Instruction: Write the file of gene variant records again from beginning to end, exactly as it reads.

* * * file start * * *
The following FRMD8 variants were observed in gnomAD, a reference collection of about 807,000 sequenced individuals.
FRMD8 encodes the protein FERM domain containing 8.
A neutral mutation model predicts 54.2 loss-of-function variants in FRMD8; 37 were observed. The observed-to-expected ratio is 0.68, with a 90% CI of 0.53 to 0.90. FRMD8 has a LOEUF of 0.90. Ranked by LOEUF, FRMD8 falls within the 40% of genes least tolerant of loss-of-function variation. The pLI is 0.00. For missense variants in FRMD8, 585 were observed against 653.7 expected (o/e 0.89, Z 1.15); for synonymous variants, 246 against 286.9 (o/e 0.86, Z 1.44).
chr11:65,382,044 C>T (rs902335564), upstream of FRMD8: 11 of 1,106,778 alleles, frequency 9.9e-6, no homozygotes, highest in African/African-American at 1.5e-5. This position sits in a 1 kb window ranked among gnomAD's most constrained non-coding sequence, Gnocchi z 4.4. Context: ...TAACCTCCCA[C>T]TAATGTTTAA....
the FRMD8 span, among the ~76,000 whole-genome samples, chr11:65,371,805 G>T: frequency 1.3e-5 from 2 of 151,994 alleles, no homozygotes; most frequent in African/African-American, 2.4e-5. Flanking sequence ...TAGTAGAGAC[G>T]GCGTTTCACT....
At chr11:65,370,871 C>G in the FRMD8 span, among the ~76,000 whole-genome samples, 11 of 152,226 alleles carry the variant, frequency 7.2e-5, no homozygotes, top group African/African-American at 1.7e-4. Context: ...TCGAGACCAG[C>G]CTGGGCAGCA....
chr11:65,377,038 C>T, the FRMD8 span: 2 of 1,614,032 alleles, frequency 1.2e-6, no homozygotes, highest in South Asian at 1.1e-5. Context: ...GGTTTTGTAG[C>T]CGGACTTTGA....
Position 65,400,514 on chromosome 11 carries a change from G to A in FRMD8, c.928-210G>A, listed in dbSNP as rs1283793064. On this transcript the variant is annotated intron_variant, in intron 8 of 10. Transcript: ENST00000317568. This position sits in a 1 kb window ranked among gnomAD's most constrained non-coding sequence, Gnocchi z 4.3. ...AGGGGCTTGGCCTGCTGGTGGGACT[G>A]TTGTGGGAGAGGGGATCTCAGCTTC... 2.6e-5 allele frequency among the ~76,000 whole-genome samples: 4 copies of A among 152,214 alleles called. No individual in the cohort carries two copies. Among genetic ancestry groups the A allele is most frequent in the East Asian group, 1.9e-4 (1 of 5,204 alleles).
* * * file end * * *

The following FRMD8 variants were observed in gnomAD, a reference collection of about 807,000 sequenced individuals.
FRMD8 encodes the protein FERM domain containing 8.
A neutral mutation model predicts 54.2 loss-of-function variants in FRMD8; 37 were observed. The observed-to-expected ratio is 0.68, with a 90% CI of 0.53 to 0.90. FRMD8 has a LOEUF of 0.90. Ranked by LOEUF, FRMD8 falls within the 40% of genes least tolerant of loss-of-function variation. The pLI is 0.00. For missense variants in FRMD8, 585 were observed against 653.7 expected (o/e 0.89, Z 1.15); for synonymous variants, 246 against 286.9 (o/e 0.86, Z 1.44).
chr11:65,382,044 C>T (rs902335564), upstream of FRMD8: 11 of 1,106,778 alleles, frequency 9.9e-6, no homozygotes, highest in African/African-American at 1.5e-5. This position sits in a 1 kb window ranked among gnomAD's most constrained non-coding sequence, Gnocchi z 4.4. Context: ...TAACCTCCCA[C>T]TAATGTTTAA....
the FRMD8 span, among the ~76,000 whole-genome samples, chr11:65,371,805 G>T: frequency 1.3e-5 from 2 of 151,994 alleles, no homozygotes; most frequent in African/African-American, 2.4e-5. Flanking sequence ...TAGTAGAGAC[G>T]GCGTTTCACT....
At chr11:65,370,871 C>G in the FRMD8 span, among the ~76,000 whole-genome samples, 11 of 152,226 alleles carry the variant, frequency 7.2e-5, no homozygotes, top group African/African-American at 1.7e-4. Context: ...TCGAGACCAG[C>G]CTGGGCAGCA....
chr11:65,377,038 C>T, the FRMD8 span: 2 of 1,614,032 alleles, frequency 1.2e-6, no homozygotes, highest in South Asian at 1.1e-5. Context: ...GGTTTTGTAG[C>T]CGGACTTTGA....
Position 65,400,514 on chromosome 11 carries a change from G to A in FRMD8, c.928-210G>A, listed in dbSNP as rs1283793064. On this transcript the variant is annotated intron_variant, in intron 8 of 10. Transcript: ENST00000317568. This position sits in a 1 kb window ranked among gnomAD's most constrained non-coding sequence, Gnocchi z 4.3. ...AGGGGCTTGGCCTGCTGGTGGGACT[G>A]TTGTGGGAGAGGGGATCTCAGCTTC... 2.6e-5 allele frequency among the ~76,000 whole-genome samples: 4 copies of A among 152,214 alleles called. No individual in the cohort carries two copies. Among genetic ancestry groups the A allele is most frequent in the East Asian group, 1.9e-4 (1 of 5,204 alleles).